Increasing Prevalence of Primary Biliary Cholangitis and Reduced Mortality With Treatment.
Clin Gastroenterol Hepatol 2017; 16(8):1342-1350.
Clinical gastroenterology and hepatology : the official clinical practice journal of the American Gastroenterological Association
BACKGROUND & AIMS: There are few data from longitudinal studies of trends in primary biliary cholangitis (PBC) among patients under routine clinical care in the United States. We collected data from the Fibrotic Liver Disease consortium to investigate changes in the incidence and prevalence of PBC and the effects of patient demographics, clinical features, and treatment on mortality.
METHODS: We collected demographic and clinical data for the general patient population as well as PBC patients receiving care from 11 health systems in different regions of the United States (Northeast, Midwest, Northwest, and South) from January 1, 2003, through December 31, 2014. Annual percentage changes in PBC prevalence and incidence were estimated using join-point Poisson regression. Differences based on race, age, and gender were calculated with rate ratios. All-cause mortality was estimated using Cox regression with adjustment for patient characteristics and treatment with ursodeoxycholic acid (UDCA). Propensity scores were used to adjust for treatment selection bias. Analyses were adjusted by geographic regions.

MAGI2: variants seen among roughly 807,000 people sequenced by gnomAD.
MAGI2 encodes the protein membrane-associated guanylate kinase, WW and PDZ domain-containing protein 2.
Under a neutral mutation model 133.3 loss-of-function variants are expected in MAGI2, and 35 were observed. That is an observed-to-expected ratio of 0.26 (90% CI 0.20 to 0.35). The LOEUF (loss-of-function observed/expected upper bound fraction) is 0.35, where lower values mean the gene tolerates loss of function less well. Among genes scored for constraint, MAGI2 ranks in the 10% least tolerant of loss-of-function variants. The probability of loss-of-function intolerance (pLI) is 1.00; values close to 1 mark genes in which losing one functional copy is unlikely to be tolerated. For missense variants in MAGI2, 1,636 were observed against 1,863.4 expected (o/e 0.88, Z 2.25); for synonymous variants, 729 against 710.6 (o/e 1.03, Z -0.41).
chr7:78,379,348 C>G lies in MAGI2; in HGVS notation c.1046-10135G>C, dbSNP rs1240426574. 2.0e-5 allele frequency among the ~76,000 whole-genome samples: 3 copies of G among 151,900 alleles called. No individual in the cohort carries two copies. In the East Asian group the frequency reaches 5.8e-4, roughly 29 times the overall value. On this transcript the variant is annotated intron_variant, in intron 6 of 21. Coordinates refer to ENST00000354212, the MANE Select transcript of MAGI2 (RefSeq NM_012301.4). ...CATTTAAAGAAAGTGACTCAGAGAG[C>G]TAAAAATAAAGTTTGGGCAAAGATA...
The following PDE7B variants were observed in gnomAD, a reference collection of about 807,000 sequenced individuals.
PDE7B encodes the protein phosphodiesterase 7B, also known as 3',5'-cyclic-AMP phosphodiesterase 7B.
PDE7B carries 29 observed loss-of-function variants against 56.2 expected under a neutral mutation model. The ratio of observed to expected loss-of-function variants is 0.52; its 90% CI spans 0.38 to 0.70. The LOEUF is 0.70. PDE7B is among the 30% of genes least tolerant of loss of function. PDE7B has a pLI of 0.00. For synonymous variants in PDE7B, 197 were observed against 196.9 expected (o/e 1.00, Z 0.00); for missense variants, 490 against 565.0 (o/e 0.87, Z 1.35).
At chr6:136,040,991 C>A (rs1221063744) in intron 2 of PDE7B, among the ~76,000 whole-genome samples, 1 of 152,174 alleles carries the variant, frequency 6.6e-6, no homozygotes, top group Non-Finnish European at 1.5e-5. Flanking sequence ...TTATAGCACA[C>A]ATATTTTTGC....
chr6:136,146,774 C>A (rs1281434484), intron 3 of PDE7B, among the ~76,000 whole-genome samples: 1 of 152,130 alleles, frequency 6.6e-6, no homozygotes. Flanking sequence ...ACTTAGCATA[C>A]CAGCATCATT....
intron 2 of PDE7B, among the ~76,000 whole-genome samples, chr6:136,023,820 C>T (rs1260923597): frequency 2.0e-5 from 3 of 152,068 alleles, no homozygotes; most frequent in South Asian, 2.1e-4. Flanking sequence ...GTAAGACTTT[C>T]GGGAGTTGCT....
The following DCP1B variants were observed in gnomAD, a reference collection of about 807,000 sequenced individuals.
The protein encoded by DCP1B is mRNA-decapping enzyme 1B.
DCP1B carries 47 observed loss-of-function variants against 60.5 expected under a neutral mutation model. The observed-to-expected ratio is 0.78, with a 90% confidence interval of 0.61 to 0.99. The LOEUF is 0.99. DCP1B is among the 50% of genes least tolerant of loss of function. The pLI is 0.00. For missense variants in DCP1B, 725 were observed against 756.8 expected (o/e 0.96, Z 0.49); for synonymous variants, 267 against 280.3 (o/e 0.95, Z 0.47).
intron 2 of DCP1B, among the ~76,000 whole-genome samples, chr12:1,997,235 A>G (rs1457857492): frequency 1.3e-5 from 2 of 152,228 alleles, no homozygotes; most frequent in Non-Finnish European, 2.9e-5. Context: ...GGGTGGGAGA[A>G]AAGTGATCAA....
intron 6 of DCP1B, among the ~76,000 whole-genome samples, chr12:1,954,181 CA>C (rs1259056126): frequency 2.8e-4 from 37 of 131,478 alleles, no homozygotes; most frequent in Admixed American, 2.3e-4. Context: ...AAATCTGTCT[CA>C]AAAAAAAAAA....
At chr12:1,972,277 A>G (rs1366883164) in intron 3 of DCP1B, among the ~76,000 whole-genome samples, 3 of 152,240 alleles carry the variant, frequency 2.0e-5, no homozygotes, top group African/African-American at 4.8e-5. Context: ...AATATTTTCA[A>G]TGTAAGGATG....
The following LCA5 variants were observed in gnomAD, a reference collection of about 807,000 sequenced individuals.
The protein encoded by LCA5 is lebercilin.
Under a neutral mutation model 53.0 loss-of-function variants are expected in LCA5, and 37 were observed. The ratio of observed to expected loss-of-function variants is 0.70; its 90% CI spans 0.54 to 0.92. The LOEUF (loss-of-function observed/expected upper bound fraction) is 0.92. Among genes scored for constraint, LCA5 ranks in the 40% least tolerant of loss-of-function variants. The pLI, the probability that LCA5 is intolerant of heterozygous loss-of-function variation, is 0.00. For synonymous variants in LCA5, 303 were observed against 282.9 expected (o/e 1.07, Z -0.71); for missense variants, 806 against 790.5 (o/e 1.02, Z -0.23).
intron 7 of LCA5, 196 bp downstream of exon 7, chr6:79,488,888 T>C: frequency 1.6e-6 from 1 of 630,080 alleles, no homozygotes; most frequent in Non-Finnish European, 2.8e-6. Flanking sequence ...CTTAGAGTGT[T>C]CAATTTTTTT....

RESULTS: In our racially diverse cohort of 3488 patients with PBC (21% Hispanic, 8% African American, 7% Asian American), 70% had ever received UDCA. From 2006 through 2014, the prevalence of PBC increased from 21.7 to 39.2 per 100,000 persons. Adjusted annual percentage changes in prevalence differed among age groups (≤40 y, 41-50 y, 51-60 y, 61-70 y, and >70 y), ranging from 3.0% to 7.5% (P < .05). Incidence did not change significantly during the study period (4.2 vs 4.3 per 100,000 person-years in 2006 and 2014, respectively; P = .98). Ratios of prevalence for women vs men (3.9:1) and incidence for women vs men (3.2:1) were consistent over the study period. Among African Americans, the prevalence of PBC increased from 16.9 to 30.8 per 100,000 during the study period, and annual incidence ranged from 2.6 to 6.6 per 100,000 person-years. In adjusted analyses, an increased level of alkaline phosphatase at baseline was associated with significantly higher mortality (adjusted hazard ratios [aHR], 1.24; 95% CI, 1.04-1.48 for patients with levels 1-2 times the upper limit of normal and aHR, 2.27; 95% CI, 1.88-2.73 for patients with levels more than 3 times the upper limit of normal). UDCA treatment was associated with significantly reduced mortality (aHR, 0.57; 95% CI, 0.52-0.64).
CONCLUSIONS: In an analysis of data from patients receiving routine clinical care in Fibrotic Liver Disease Consortium health systems, we found that the prevalence of PBC increased from 2004 through 2014, despite steady incidence. Patient demographic and clinical characteristics, as well as UDCA treatment, affected mortality.